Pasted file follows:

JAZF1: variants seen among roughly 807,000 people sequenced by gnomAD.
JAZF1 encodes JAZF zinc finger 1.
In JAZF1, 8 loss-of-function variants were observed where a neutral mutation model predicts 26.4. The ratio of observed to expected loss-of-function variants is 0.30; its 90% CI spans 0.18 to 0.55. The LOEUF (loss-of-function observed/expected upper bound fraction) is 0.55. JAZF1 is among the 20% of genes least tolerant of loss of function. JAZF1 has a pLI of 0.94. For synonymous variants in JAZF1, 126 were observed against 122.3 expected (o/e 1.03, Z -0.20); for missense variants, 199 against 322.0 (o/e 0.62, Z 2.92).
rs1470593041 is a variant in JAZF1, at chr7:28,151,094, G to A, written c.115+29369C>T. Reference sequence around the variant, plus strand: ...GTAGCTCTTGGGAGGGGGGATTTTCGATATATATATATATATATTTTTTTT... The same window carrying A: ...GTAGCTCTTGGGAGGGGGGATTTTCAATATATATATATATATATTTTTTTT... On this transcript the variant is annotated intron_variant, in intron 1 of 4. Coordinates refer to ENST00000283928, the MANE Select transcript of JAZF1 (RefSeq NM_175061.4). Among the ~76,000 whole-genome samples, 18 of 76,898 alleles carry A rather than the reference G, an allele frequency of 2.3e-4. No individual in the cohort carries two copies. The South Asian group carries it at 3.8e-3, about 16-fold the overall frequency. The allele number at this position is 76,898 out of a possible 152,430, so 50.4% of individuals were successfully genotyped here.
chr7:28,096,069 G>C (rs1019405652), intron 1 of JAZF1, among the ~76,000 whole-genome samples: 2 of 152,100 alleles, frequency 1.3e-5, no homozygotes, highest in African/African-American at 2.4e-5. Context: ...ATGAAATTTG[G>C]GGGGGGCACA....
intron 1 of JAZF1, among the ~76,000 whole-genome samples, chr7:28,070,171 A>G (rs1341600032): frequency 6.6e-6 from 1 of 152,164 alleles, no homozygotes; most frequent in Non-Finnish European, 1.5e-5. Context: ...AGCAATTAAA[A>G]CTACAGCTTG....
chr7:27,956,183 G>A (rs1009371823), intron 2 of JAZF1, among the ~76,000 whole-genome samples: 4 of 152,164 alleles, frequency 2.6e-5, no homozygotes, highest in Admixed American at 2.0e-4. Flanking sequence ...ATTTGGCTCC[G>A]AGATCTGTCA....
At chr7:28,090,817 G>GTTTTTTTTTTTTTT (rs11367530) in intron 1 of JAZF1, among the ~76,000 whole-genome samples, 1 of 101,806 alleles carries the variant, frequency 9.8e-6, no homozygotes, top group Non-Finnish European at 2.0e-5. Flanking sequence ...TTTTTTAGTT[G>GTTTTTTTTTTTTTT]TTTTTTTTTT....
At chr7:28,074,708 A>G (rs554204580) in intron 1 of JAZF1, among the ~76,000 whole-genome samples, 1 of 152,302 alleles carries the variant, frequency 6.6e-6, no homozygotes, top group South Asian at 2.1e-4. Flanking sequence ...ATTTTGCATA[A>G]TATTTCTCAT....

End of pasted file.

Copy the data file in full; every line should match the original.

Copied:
JAZF1: variants seen among roughly 807,000 people sequenced by gnomAD.
JAZF1 encodes JAZF zinc finger 1.
In JAZF1, 8 loss-of-function variants were observed where a neutral mutation model predicts 26.4. The ratio of observed to expected loss-of-function variants is 0.30; its 90% CI spans 0.18 to 0.55. The LOEUF (loss-of-function observed/expected upper bound fraction) is 0.55. JAZF1 is among the 20% of genes least tolerant of loss of function. JAZF1 has a pLI of 0.94. For synonymous variants in JAZF1, 126 were observed against 122.3 expected (o/e 1.03, Z -0.20); for missense variants, 199 against 322.0 (o/e 0.62, Z 2.92).
rs1470593041 is a variant in JAZF1, at chr7:28,151,094, G to A, written c.115+29369C>T. Reference sequence around the variant, plus strand: ...GTAGCTCTTGGGAGGGGGGATTTTCGATATATATATATATATATTTTTTTT... The same window carrying A: ...GTAGCTCTTGGGAGGGGGGATTTTCAATATATATATATATATATTTTTTTT... On this transcript the variant is annotated intron_variant, in intron 1 of 4. Coordinates refer to ENST00000283928, the MANE Select transcript of JAZF1 (RefSeq NM_175061.4). Among the ~76,000 whole-genome samples, 18 of 76,898 alleles carry A rather than the reference G, an allele frequency of 2.3e-4. No individual in the cohort carries two copies. The South Asian group carries it at 3.8e-3, about 16-fold the overall frequency. The allele number at this position is 76,898 out of a possible 152,430, so 50.4% of individuals were successfully genotyped here.
chr7:28,096,069 G>C (rs1019405652), intron 1 of JAZF1, among the ~76,000 whole-genome samples: 2 of 152,100 alleles, frequency 1.3e-5, no homozygotes, highest in African/African-American at 2.4e-5. Context: ...ATGAAATTTG[G>C]GGGGGGCACA....
intron 1 of JAZF1, among the ~76,000 whole-genome samples, chr7:28,070,171 A>G (rs1341600032): frequency 6.6e-6 from 1 of 152,164 alleles, no homozygotes; most frequent in Non-Finnish European, 1.5e-5. Context: ...AGCAATTAAA[A>G]CTACAGCTTG....
chr7:27,956,183 G>A (rs1009371823), intron 2 of JAZF1, among the ~76,000 whole-genome samples: 4 of 152,164 alleles, frequency 2.6e-5, no homozygotes, highest in Admixed American at 2.0e-4. Flanking sequence ...ATTTGGCTCC[G>A]AGATCTGTCA....
At chr7:28,090,817 G>GTTTTTTTTTTTTTT (rs11367530) in intron 1 of JAZF1, among the ~76,000 whole-genome samples, 1 of 101,806 alleles carries the variant, frequency 9.8e-6, no homozygotes, top group Non-Finnish European at 2.0e-5. Flanking sequence ...TTTTTTAGTT[G>GTTTTTTTTTTTTTT]TTTTTTTTTT....
At chr7:28,074,708 A>G (rs554204580) in intron 1 of JAZF1, among the ~76,000 whole-genome samples, 1 of 152,302 alleles carries the variant, frequency 6.6e-6, no homozygotes, top group South Asian at 2.1e-4. Flanking sequence ...ATTTTGCATA[A>G]TATTTCTCAT....